Administrative controls should be implemented as a next priority, and their effects can be analyzed in advance for maximum effectiveness using free task-based exposure modeling software tools from the web. Other programs analyze trends in a person’s hearing threshold level versus their documented noise exposure levels, type of hearing protection used, medical history and years on the job. When compared to “normal” changes in hearing level over time as recognized in the ISO 1999 and ANSI 3.44 standards, these can predict which workers will suffer a compensable hearing loss during their employment if corrections aren’t made, such as offering better hearing protection devices and ensuring proper fit.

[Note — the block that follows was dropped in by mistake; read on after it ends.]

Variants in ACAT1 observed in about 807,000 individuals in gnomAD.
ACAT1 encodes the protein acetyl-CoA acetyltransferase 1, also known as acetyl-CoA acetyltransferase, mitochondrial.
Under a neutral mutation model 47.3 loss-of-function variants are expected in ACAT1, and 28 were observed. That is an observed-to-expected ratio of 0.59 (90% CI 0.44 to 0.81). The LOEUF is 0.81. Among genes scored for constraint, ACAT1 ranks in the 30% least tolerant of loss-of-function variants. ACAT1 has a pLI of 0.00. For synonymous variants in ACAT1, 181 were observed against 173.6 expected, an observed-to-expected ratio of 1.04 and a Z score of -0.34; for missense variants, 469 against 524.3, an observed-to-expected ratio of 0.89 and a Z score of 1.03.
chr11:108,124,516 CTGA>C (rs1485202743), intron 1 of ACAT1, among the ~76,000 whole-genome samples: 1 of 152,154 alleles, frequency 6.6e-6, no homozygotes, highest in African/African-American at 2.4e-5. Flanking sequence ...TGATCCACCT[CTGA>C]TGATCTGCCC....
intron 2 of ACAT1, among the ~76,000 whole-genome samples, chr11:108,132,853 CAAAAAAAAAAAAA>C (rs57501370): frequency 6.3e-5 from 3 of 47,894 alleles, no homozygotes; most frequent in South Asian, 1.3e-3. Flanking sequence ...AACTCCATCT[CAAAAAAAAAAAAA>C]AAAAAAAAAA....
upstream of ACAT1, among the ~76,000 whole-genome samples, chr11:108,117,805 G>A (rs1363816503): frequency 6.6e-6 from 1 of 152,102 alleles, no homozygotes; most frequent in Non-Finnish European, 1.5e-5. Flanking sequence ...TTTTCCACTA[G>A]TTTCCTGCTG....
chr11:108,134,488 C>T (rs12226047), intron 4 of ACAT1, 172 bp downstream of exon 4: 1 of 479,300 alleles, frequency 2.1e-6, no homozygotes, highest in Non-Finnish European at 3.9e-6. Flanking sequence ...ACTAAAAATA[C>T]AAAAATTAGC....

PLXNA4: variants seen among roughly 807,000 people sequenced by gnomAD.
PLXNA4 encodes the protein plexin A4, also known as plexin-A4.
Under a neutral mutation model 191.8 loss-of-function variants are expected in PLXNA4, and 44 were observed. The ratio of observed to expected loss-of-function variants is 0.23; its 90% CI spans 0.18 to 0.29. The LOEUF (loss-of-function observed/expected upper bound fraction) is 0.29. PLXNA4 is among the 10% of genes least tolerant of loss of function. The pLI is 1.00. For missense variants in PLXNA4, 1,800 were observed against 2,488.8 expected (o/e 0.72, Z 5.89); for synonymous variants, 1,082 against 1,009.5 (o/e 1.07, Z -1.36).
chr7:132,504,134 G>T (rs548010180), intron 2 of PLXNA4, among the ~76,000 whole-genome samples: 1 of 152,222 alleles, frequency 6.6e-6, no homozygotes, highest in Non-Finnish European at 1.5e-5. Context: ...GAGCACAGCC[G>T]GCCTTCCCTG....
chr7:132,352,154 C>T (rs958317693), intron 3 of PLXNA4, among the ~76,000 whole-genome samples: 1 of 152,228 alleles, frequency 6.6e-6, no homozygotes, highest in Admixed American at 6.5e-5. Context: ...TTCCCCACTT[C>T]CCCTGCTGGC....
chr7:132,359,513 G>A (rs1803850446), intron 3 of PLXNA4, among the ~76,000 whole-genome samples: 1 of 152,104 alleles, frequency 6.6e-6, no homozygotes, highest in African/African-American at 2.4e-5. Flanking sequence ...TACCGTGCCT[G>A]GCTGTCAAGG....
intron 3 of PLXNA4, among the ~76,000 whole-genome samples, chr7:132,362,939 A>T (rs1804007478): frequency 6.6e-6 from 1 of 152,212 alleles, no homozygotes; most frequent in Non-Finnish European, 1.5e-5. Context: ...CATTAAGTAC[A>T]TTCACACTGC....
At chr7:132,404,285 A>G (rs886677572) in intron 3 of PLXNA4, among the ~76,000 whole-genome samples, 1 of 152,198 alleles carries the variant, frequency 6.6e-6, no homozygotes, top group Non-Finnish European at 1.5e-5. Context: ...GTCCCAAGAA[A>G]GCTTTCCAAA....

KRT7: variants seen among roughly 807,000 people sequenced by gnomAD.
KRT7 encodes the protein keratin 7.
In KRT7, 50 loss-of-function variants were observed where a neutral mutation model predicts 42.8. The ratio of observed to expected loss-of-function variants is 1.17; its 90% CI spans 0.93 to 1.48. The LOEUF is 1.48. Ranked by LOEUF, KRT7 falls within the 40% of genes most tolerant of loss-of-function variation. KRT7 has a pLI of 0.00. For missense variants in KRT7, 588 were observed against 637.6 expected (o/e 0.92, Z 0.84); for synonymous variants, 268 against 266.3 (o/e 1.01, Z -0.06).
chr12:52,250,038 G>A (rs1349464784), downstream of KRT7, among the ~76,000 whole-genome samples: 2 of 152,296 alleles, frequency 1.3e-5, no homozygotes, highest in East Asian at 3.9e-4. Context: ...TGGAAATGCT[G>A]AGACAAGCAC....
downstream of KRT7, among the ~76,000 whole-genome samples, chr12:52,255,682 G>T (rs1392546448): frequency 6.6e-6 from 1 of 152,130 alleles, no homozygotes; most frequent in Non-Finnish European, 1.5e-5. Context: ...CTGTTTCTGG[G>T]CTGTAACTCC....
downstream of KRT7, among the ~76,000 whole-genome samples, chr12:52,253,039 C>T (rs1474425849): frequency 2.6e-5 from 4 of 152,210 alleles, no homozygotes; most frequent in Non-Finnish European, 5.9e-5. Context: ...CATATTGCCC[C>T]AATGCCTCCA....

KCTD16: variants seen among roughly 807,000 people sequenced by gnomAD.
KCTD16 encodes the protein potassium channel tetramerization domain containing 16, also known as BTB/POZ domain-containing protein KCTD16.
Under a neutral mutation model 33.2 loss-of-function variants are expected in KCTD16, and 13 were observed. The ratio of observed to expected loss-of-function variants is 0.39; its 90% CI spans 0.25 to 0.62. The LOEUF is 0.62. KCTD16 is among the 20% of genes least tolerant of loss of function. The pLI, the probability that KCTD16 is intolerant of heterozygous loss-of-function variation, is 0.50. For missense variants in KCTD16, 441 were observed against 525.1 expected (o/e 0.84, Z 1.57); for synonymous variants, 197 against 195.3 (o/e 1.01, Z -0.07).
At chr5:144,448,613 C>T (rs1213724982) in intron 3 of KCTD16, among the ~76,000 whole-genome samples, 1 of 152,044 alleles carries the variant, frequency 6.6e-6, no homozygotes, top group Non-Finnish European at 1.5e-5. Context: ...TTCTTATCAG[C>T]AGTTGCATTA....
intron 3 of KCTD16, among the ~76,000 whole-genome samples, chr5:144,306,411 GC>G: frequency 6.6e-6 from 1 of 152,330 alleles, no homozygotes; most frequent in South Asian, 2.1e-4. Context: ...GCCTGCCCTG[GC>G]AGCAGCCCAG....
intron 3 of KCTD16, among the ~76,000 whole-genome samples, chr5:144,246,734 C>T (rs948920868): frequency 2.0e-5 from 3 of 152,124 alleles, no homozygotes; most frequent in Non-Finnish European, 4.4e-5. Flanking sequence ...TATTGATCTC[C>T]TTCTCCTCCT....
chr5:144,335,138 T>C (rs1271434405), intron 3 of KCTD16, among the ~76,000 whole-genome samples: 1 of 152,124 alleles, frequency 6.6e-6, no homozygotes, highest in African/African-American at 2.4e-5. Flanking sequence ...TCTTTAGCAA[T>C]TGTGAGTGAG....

And when it comes to limiting hearing loss using PPE, new types of passive and active hearing protection devices are available – along with wearable real-time noise alerts that help ensure workers are wearing HPDs in noisy environments. While winners of the recent OSHA-sponsored “Hear and Now – Noise Safety Challenge” were just published in Q4 2016 and have not yet resulted in any commercial product, one of the entries was a sound monitor small enough to mount on industrial eyewear with an optical display showing noise levels projected like a “heads-up” display found in jet fighters and high-end sports cars.

HPD fit-testing gains popularity